HR: It's a very heartwarming experience to see it begin. I'm always interested to find out how a child got interested in music. Did they see something on television? Did they hear a band at school play? Some kids hear music in movies or on television. They hear mom and dad playing records at home. There are a lot of different ways kids get involved with music. So to see that look on their face like "wow, I'm going to get to play an instrument" is great. It's great to parents who support that kind of thing.

JR: We go out to schools and do the testing on kids who say they want to be in band or orchestra and they get to see if they can make sounds on different instruments, that's a good experience, too.

SR: And if someone says that they want to test an instrument, we'll let them do it right here in the shop.

FP: There are studies that suggest that there is there a difference in maturity and in academic performance between students who play instruments and those who do not. Have you found this to be true?

HR: Absolutely. It's stimulation of the brain. It's hand-and-eye coordination. You have to read music and sing it. You have to be able to read and play music and march.

SR: Kids in band seem to be more scheduled. They have to schedule practice time and their study times. It also puts a group of kids with a common goal together and they help one another.

HR: It's not the kind of activity where you find, in general, kids who are getting into trouble with the law. Now kids get into all sorts of thing. What I'm saying is that your typical band kid is a pretty straight kid and is surrounded by kids of the same likes and parents who support them. They progress through life pretty well. Their brains are exercised.

FP: How should music education be approached or encouraged by a parent?

HR:: They should let their child hear music as much as possible, especially live performance. Anything at the Kennedy Center. They have free concerts every night of the year. They have a world-class, top-notch group that performs every night. And it's free.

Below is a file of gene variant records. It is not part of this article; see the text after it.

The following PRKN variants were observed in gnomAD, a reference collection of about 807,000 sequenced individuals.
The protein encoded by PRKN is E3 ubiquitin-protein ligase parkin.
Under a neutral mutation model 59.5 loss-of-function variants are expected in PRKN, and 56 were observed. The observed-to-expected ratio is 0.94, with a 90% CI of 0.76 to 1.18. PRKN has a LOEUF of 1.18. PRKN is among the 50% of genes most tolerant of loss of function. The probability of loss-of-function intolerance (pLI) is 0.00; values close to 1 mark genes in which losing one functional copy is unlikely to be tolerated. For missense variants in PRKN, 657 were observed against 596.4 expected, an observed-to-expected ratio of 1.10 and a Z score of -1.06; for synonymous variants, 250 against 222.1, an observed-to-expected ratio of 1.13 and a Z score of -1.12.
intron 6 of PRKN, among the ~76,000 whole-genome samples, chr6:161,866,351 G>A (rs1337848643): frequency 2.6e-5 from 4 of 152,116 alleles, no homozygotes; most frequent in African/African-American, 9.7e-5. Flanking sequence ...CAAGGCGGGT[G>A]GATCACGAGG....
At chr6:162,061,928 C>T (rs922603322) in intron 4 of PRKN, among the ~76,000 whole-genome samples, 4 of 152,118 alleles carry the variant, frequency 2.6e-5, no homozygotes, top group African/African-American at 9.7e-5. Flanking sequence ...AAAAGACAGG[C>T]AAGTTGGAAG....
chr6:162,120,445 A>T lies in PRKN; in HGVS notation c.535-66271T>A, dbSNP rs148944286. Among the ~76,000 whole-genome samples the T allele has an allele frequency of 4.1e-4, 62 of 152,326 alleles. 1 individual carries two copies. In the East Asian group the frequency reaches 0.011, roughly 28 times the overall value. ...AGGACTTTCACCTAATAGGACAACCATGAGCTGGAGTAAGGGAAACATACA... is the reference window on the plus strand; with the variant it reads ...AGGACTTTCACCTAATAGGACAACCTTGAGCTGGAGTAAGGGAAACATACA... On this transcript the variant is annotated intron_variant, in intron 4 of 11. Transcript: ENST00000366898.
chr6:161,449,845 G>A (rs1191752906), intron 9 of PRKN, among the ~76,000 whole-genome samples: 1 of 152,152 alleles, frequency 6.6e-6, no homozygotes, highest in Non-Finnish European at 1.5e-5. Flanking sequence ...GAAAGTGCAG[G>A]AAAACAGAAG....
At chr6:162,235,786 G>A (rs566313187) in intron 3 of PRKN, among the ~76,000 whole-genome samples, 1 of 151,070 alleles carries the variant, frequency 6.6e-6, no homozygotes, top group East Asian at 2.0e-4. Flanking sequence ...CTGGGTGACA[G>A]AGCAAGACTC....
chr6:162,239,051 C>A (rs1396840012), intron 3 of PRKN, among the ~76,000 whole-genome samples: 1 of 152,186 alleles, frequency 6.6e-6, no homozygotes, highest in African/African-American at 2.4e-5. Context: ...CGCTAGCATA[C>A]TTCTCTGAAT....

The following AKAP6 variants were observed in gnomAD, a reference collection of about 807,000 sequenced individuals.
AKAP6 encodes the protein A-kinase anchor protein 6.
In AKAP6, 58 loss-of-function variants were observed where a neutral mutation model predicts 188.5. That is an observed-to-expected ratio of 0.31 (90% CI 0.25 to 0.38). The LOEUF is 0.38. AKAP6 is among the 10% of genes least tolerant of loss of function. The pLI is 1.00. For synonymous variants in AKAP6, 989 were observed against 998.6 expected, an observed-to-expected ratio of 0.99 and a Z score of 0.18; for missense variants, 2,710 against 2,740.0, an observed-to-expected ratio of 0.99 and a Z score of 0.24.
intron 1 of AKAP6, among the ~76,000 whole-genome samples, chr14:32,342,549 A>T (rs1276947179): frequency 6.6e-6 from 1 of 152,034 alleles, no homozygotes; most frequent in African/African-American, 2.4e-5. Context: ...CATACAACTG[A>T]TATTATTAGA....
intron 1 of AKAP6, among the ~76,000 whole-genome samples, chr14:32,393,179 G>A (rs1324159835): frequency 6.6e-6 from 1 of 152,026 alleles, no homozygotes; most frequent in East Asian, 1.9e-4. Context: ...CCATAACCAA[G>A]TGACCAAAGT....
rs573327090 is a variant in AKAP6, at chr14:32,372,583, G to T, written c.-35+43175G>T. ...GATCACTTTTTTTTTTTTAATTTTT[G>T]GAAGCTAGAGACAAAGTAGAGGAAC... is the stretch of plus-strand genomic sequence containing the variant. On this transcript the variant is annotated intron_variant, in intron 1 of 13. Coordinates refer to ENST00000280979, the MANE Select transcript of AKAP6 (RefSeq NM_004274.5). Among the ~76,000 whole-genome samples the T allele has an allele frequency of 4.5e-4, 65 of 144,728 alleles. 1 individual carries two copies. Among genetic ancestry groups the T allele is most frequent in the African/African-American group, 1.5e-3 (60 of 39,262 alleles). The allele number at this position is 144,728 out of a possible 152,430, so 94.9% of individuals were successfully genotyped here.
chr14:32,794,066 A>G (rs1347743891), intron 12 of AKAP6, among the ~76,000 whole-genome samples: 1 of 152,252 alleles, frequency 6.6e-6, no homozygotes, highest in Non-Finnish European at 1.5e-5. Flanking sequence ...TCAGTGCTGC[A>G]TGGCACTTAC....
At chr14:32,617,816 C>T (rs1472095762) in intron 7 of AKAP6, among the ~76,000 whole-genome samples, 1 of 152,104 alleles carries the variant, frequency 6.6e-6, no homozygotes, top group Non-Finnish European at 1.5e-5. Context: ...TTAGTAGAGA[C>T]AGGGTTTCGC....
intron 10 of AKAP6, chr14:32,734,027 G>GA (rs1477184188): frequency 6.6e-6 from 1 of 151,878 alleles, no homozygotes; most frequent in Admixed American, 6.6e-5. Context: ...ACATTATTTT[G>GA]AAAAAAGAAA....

SR: Another thing that doesn't cost is the Rappahannock POPS, it's free to students.

JR: It doesn't have to just be classical. It can something at Celebrate Virginia like a county or a rock band. A lot of times these bands come and they use live instruments that [the kids] play like a flute or a saxophone and the kids can see that and see how cool that is that their favorite bands are using real instruments.

HR: Anything a child can go to and see performance is tremendously stimulative to the mind.

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Pouches' Community Corner

Pouches Visits the Past


If Pouches' experience at History Camp is any indication, your son or daughter will enjoy joining Washington Heritage Museums and the George Washington Foundation for History Camp in Fredericksburg. The week-long day camp will be held June 25-29, from 9:00 a.m. to noon each day.

Young historians discover American history with hands-on experiences as they walk in the footsteps where the history of Fredericksburg, and a budding America, was created. The camp complements the history taught in classrooms with activities such as soap making, code breaking, colonial crafts, penmanship and much more.